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Research Papers

Evaluation of SrTi1−x Cox O3 Perovskites (0 ≤ x ≤ 0.2) as Interconnect Materials for Solid Oxide Fuel Cells

[+] Author and Article Information
Masashi Mori1

Zhenwei Wang, Nobuyuki Serizawa

 Central Research Institute of Electric Power Industry, 2-6-1 Nagasaka, Yokosuka, Kanagawa 240-0196 Japan

Takanori Itoh

AGC Seimi Chemical Co., Ltd., 3-2-10 Chigasaki, Chigasaki-shi, Kanagawa-ken 253-8585 Japan

1

Corresponding author.

J. Fuel Cell Sci. Technol 8(5), 051010 (Jun 20, 2011) (6 pages) doi:10.1115/1.4003761 History: Received May 18, 2010; Revised November 23, 2010; Published June 20, 2011; Online June 20, 2011

The compatibility of SrTi1− x Cox O3 perovskites (0 ≤ x ≤ 0.2) was evaluated for use as interconnect materials in solid oxide fuel cells (SOFCs). Although SrTi1− x Cox O3 perovskites have a single perovskite phase in the range of 0 ≤ x ≤ 0.2, it was observed for SrTi0.8 Co0.2 O3 that Co element agglomerated at the grain boundary during sintering. The dense SrTi0.8 Co0.2 O3 sample was destroyed and included Sr2 TiO4 as a secondary phase after reducing treatment at 1000 °C. As a result of Co doping, the linear thermal expansion coefficient (TEC) increased remarkably with increasing Co content, but the TEC of SrTi0.9 Co0.1 O3 was comparable with those of SOFC cathodes and anodes. Co doping of SrTiO3 effectively increased electrical conductivity in air, whereas the conductivity of Co-doped SrTiO3 in a reducing atmosphere was much lower than that in air. This suggests that the Co ions3+/4+ in the perovskites were earlier reduced into Co2+ ions, compared to Ti4+ ions.

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Figures

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Figure 1

Experimental equipment for electrical conductivity measurement of the SrTi0.9 Co0.1 O3 placed in an SOFC atmosphere

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Figure 2

XRD patterns of SrTi1− x Cox O3 perovskites after reducing at 1000 °C for 20 h in the H2 atmosphere: (a) x = 0.05, (b) x = 0.1, (c) x = 0.2. The symbols (×) represent the second phase.

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Figure 3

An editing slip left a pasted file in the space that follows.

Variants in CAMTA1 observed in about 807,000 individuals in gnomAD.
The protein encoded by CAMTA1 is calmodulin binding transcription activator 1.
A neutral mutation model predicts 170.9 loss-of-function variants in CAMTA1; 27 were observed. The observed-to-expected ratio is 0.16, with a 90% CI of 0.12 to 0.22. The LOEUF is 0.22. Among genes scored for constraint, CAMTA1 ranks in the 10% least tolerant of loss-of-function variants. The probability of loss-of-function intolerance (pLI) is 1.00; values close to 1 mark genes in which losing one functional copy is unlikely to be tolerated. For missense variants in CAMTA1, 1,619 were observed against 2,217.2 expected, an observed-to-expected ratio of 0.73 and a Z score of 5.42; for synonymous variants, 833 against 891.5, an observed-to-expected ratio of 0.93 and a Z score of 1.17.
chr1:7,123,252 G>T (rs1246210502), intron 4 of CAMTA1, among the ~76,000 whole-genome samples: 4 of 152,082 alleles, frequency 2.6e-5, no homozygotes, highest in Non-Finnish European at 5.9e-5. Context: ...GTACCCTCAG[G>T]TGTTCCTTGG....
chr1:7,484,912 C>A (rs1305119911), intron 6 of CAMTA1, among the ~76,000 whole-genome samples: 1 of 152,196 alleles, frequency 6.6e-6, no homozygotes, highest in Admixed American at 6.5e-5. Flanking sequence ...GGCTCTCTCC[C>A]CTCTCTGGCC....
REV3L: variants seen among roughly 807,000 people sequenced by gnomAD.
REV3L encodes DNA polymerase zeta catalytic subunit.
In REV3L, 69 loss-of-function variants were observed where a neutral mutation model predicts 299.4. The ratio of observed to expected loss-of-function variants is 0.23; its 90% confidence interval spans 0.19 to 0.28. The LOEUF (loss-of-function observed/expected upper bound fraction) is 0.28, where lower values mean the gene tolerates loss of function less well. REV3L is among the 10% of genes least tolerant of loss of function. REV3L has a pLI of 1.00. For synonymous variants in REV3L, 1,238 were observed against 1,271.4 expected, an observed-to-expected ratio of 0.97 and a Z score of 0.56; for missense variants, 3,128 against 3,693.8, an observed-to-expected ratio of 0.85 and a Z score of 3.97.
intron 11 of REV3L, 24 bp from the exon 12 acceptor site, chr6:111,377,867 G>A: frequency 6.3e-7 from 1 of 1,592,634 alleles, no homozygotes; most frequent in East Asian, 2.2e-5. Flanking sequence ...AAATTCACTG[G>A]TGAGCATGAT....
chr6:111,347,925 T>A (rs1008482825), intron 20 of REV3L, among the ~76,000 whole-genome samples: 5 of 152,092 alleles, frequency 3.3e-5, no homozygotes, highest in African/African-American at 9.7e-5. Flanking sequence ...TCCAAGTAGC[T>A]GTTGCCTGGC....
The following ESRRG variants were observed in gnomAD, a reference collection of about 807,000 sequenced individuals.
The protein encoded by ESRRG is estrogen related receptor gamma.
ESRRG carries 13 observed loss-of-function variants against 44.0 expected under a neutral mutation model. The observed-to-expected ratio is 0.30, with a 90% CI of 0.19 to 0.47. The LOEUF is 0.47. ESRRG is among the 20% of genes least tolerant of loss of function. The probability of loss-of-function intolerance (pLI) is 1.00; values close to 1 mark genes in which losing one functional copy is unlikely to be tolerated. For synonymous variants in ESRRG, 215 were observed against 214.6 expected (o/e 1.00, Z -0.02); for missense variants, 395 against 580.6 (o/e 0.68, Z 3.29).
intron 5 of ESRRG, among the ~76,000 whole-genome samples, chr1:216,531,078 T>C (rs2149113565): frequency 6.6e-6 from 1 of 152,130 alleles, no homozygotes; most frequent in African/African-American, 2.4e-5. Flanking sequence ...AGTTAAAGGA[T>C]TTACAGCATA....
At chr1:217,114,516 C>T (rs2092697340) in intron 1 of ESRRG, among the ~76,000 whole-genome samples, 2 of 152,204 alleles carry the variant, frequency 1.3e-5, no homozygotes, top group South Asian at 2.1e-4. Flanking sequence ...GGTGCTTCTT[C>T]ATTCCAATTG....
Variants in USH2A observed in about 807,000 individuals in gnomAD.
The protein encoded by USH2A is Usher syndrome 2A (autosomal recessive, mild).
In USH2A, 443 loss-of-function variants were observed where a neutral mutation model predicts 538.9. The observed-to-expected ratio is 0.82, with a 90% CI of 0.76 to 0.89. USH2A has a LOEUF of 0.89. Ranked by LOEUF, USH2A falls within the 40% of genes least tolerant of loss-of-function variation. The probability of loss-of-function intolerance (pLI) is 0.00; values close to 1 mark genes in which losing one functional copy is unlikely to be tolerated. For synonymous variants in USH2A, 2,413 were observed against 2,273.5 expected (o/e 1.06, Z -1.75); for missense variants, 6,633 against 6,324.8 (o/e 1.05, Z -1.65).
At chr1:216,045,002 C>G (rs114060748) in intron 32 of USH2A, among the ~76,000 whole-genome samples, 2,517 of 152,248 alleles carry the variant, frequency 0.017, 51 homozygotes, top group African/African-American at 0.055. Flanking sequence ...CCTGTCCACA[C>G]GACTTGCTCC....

Lattice parameters of of SrTi1− x Cox O3 perovskites with cubic symmetry before and after reducing at 1000 °C in the H2 atmosphere

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Figure 4

Relative density of SrTi1− x Cox O3 as a function of firing temperature, where the holding time at the highest temperature was 5 h

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Figure 5

SEM micrographs of surface section of the dense samples after firing at 1400 °C. (a) SrTi0.95 Co0.05 O3 . (b) SrTi0.9 Co0.1 O3 .

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Figure 6

Dense SrTi0.8 Co0.2 O3 sample after firing at 1400 °C. Bright parts represent Co element. (a) SEM micrograph of surface section. (b) Co element distribution of EDX map.

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Figure 7

Amount of oxygen deficiencies in SrTi1− x Cox O3−δ in air and in the H2 atmosphere, when the oxygen deficiency of the unfired Co-doped perovskites is assumed to be zero at 25 °C. (a) In air during the 1st heating cycle. (b) In the H2 atmosphere during the first heating cycle. (c) In the H2 atmosphere during the first cooling cycle.

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Figure 8

XANES spectra of SrTi0.9 Co0.1 O3−δ perovskites as sintered and reduced, and reference materials. (a) Co K-edge. (b) Ti K-edge.

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Figure 9

Thermal expansions of SrTi1− x Cox O3 in air, and in the H2 atmosphere during the first/second heating cycles, respectively. (a) In air during the 1st heating cycle. (b) In the H2 atmosphere during the first heating cycle. (c) In the H2 atmosphere during the second heating cycle.

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Figure 10

Differential coefficient of thermal expansion – temperature curves of (i) SrTiO3 and (ii) SrTi0.9 Co0.1 O3 in air and in the H2 atmosphere during the first cycles, respectively. (a) In air. (b) In the H2 atmosphere.

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Figure 11

TEC values of SrTi1− x Cox O3 in the temperature range from 50 to 1000 °C in air and in the H2 atmosphere

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Figure 12

Arrhenius plots of electrical conductivity in air, in the 30%H2 -N2 atmosphere and in a dual atmosphere. (a) SrTi0.95 Co0.05 O3 . (b) SrTi0.9 Co0.1 O3

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Figure 13

Arrhenius plots of electrical conductivity of SrTi0.9 Co0.1 O3 tablet with thickness of 0.4 mm in air and in the 30%H2 -N2 atmosphere and in a dual atmosphere

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